Using Shortened Links in Research Papers

I’m working furiously on a research paper that has a submission deadline of April 1st. I’m hoping all of my work will pay off with an invitation to present my findings at a major research conference scheduled for later in the fall. That, of course, will help with my road to tenure.

That’s not what I’m wondering about, though. While referencing a news report that I’m using in my paper, I copied the web link so I could put it in a footnote. Then I stared at it for a couple of moments. It’s long. And ugly. You know the kind I’m talking about. Something like this:
(This is actually from my dissertation bibliography.)

As I was staring at that long link, I wondered about using a shortened one. That would save space and it wouldn’t be as ugly on the page. Besides, if reviewers are reading a printed version of your paper, and they want to check your source, you don’t want to make them type in a 50+ character web address. 

I’ve been using to shorten links for my tweets, so I decided to investigate it a bit. My greatest concern is about permanency. I don’t want to create a shortened link for something and then have it go away in a couple of years. says I don’t have to worry about that. Their links are designed to be permanent. Well, what if goes away eventually? What happens then? They have an answer for that, too.

Okay. I’m satisfied with these explanations. So I took that humongous link and chopped it down to a nice compact size for my footnote. I did do one other thing, though. The address doesn’t show the root website. So in addition to the link address to the article, I included the news organization’s main website, as well. That way, if a reviewer wanted to check the site for other things, he or she can do it.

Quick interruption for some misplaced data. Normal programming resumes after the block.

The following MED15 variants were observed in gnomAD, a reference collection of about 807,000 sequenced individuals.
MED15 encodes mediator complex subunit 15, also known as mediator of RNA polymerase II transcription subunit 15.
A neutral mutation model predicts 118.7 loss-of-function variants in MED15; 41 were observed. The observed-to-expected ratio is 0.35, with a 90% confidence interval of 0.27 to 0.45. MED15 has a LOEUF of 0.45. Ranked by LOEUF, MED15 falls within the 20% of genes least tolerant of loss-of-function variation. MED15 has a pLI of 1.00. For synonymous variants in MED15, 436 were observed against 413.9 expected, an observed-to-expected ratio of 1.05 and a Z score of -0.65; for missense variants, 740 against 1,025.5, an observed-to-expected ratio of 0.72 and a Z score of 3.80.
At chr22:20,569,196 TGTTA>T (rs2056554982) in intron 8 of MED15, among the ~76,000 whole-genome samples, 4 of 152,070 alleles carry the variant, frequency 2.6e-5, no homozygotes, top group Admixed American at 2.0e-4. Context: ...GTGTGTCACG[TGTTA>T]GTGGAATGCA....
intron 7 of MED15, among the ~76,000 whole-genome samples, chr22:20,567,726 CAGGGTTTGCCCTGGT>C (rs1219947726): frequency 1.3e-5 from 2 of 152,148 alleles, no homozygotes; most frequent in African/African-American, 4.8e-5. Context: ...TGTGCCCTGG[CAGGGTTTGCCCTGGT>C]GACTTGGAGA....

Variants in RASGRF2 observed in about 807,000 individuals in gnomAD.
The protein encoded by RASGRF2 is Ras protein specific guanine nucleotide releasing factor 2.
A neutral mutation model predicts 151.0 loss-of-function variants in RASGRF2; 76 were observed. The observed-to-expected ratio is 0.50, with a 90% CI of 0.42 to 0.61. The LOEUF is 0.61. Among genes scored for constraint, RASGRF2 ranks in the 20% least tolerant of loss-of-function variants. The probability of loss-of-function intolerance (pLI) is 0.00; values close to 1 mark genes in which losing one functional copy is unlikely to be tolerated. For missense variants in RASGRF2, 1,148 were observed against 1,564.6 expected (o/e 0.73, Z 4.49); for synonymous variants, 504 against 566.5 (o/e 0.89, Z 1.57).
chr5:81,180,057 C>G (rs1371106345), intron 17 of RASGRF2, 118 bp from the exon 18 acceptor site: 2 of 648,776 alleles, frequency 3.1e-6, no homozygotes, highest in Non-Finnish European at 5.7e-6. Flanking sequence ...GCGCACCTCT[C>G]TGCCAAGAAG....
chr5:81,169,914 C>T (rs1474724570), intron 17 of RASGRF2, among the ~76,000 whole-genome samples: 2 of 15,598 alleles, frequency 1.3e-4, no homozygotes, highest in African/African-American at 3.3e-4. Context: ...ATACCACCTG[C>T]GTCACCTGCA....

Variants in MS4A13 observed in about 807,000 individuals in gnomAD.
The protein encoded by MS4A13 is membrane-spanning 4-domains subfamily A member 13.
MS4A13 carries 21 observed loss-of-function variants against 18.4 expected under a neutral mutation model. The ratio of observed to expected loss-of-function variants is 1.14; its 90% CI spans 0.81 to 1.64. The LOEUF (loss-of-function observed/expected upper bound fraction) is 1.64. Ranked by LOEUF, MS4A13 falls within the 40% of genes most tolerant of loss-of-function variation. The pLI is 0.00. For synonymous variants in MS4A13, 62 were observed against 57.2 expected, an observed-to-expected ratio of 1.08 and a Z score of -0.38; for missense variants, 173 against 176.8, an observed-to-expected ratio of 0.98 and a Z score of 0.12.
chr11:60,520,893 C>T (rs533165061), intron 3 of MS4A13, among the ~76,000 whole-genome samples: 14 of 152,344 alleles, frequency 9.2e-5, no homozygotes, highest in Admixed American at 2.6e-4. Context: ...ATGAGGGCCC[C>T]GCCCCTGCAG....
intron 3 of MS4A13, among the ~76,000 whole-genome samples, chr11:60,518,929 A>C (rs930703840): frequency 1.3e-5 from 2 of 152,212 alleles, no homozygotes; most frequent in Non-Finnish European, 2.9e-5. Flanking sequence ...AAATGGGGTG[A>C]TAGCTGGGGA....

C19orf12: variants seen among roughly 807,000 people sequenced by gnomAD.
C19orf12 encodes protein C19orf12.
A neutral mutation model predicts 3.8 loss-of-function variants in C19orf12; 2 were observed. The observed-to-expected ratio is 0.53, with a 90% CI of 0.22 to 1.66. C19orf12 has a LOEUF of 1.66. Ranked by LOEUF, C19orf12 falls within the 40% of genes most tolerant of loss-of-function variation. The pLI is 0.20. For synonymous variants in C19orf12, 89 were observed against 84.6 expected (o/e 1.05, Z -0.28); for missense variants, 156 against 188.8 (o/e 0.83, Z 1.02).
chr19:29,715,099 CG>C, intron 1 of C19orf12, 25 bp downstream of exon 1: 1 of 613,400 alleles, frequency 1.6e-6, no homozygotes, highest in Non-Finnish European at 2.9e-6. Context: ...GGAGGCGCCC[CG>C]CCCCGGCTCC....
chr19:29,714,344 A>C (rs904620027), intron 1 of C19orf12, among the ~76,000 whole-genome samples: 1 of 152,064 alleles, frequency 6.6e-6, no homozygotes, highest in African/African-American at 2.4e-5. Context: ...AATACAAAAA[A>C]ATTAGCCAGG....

Now I’m curious if anyone else has used a link shortener for academic references — or if you’ve been told not to. If you have some experience with this, or a comment, I’d like to hear from you.

2 thoughts on “Using Shortened Links in Research Papers

  1. I think this is a great idea, but I don't know how my profs would respond. I may run this by them.I'm hoping for bigger changes in citations in the future, though. As papers move more into the digital realm, there will be no need for little notes at the "bottom" of the digital page. The citation could be embedded into the document.There still may be a little superscript number to indicate a citation, but you can simply hover (or click) to discover what the source is.And if that source is some other digital document, you can jump straight to it without retyping a long, convoluted URL.I have a feeling this may be several years away, though. It's hard to shake the 8.5×11 paradigm.

  2. We're supposed to use doi addresses whenever possible. Not as short as but not as long as the others. I'm not sure if ProQuest uses those, though. I've mostly seen them with journal articles.

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